UPCOMING EVENT: TOYOTA SERIES - 2020 - Lake Cumberland

Fishing the Worst Conditions

Fishing the Worst Conditions

Watching giant bags of bass caught down in Texas and Florida on FLW Live during FLW Tour events has many anglers dying to get on the water. The only problem is that a lot of people are still facing some of the toughest conditions for catching a bass – cold, muddy, moving water.  

This isn’t as much of an issue for people who live near clear-water fisheries, but if you’re like me and find yourself only having close access to less-than-ideal waters for winter fishing, you might consider foregoing fishing to work on tackle and dream about the warmer months when the bite will be better.

However, there are still bites to be had when you have only the worst conditions to fish. These are my favorite tips for getting your line stretched when faced with what I think are the absolute toughest conditions for bass fishing.

 

Get your mind right

Fishing in tough conditions calls for a completely different mindset. You have to go into it knowing that you aren’t going to get nearly as many bites as you might if you were on a reservoir that is known for good winter fishing – somewhere like Lake Lanier. I fish the Arkansas River near my home this time of year, and I like to set goals but keep them reasonable. Sometimes they’re small goals.

I like to start with just trying to get one bite per area. That’s right; just a single bite. I’m not worried about size, weight or anything other than just getting something to eat, at least to start with. Once I get a couple of bites I can start worrying about fine-tuning things to catch a better bag.

You hear all the time that you need to be “mentally tough” while fishing. This could not be truer in these conditions. You really have to tell yourself that you WILL get a bite in the area … and believe it, too. Confidence catches fish. If you begin second-guessing your area before you ever make a cast, you might as well put it back on the trailer.

 

Improve the conditions

Although things might look absolutely terrible at the ramp, that doesn’t mean you can’t find areas that offer SLIGHTLY better conditions. When it comes to fishing a cold and muddy Arkansas River, for instance, I look for areas that have cleaner water – even slightly cleaner – with no current.

In my case, that generally means looking for backwaters that are blocked off at the top by a rock jetty or other feature. There’s usually a deep hole right next to the jetty that’s caused by current washing over the top during high-water times, and the hole makes an awesome wintering spot for bait and bass. Many times these backwater areas will have warmer water as well.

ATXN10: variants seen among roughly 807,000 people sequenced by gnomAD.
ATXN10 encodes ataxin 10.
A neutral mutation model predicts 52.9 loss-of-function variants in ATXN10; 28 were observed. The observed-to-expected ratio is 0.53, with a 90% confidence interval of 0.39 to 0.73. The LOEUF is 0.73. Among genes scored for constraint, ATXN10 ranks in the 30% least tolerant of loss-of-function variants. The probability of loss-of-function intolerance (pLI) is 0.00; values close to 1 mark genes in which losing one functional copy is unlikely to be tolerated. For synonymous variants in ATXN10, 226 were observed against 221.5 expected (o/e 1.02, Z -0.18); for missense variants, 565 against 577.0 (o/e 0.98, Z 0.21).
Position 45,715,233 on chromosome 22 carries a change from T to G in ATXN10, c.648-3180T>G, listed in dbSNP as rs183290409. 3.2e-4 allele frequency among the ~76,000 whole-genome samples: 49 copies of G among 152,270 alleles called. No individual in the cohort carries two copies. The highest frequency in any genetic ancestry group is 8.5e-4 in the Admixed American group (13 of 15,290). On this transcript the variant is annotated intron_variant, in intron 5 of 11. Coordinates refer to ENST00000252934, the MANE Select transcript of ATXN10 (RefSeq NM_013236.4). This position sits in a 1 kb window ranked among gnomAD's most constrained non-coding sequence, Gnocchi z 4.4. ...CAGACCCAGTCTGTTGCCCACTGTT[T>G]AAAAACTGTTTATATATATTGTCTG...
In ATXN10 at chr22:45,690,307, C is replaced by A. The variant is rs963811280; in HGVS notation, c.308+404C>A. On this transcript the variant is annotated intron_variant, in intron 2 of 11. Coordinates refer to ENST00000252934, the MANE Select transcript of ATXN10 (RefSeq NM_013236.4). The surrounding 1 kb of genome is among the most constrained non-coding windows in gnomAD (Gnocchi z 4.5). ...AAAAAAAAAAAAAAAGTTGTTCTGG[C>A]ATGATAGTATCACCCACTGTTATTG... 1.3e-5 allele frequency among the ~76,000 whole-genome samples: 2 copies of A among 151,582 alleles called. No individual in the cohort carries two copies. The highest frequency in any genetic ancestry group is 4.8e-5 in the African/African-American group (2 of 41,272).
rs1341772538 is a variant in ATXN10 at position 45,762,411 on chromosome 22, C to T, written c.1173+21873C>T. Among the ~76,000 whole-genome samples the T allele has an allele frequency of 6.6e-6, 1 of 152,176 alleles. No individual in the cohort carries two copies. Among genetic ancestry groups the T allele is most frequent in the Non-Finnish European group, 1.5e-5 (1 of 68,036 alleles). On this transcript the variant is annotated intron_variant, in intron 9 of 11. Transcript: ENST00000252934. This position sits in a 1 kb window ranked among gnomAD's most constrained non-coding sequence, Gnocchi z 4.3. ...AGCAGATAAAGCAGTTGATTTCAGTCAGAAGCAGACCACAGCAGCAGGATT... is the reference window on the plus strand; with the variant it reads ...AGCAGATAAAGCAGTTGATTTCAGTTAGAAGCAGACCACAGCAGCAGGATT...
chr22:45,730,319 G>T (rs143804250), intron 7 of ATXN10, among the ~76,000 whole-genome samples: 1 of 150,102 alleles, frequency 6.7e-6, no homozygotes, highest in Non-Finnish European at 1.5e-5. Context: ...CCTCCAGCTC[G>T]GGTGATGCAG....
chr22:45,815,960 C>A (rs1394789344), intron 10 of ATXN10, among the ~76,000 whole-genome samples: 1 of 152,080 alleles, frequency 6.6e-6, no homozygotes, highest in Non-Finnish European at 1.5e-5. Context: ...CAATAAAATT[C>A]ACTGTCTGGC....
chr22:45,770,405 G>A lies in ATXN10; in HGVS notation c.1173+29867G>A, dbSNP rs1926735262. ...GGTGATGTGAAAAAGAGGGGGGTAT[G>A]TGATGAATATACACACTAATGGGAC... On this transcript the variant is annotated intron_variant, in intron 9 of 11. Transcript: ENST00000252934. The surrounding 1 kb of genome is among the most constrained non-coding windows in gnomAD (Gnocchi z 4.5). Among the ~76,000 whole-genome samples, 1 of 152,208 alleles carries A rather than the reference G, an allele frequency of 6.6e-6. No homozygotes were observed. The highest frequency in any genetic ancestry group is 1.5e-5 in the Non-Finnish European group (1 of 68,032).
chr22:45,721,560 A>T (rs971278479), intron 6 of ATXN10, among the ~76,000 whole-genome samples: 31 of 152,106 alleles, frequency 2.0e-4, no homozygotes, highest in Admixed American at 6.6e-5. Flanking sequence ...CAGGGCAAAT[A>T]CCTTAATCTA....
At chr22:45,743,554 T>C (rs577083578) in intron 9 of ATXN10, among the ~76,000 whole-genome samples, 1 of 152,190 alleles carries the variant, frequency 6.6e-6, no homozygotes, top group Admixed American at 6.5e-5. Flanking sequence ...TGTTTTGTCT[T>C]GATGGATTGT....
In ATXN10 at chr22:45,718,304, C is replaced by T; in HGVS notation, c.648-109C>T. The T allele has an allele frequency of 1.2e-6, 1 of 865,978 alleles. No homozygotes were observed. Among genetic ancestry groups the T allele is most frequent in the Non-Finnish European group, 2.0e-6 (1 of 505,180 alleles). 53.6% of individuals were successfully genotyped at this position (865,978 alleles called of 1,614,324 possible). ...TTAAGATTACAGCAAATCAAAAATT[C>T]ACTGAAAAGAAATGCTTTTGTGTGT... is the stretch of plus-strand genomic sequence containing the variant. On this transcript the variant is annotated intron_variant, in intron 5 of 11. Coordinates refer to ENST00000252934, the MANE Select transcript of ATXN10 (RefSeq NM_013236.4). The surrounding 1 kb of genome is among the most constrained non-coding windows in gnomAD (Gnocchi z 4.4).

Remember that on rivers, the water flowing down usually has a lower temperature than still-water areas. I’ve seen flowing water coming down that was in the mid- to high 30s, while the backwaters close by offered waters in the mid-40s. Once in these areas, I look for things that will hold even a bit more heat, such as rocks, logs, trees, brush, or even old barrels or tires (we are talking about river fishing, after all).

On other fisheries, you’ll need to look for similar situations, or key on areas with the most sunlight (south-facing banks), least cold-water runoff, etc. There’s usually some type of area on a lake or reservoir that fits what I’m describing.

 

Low and slow with confidence baits 

When bites are limited, it’s not the time to be experimenting with the newest bait or technique. I like to keep it simple when it comes to lure selection. This means no more than four rods. That’s it. I like to have two moving baits and two things I can just drag around. I only use baits that I know will get bites under all conditions. For me that means a spinnerbait, crankbait, finesse jig and drop-shot, and these pretty well apply all over the country.

Although these are common lures and presentations, I fish them in a bit of an uncommon way in tough conditions. Because the water is muddy, I like to have my bait in contact with cover and structure as much as possible. How I do it depends on the bait.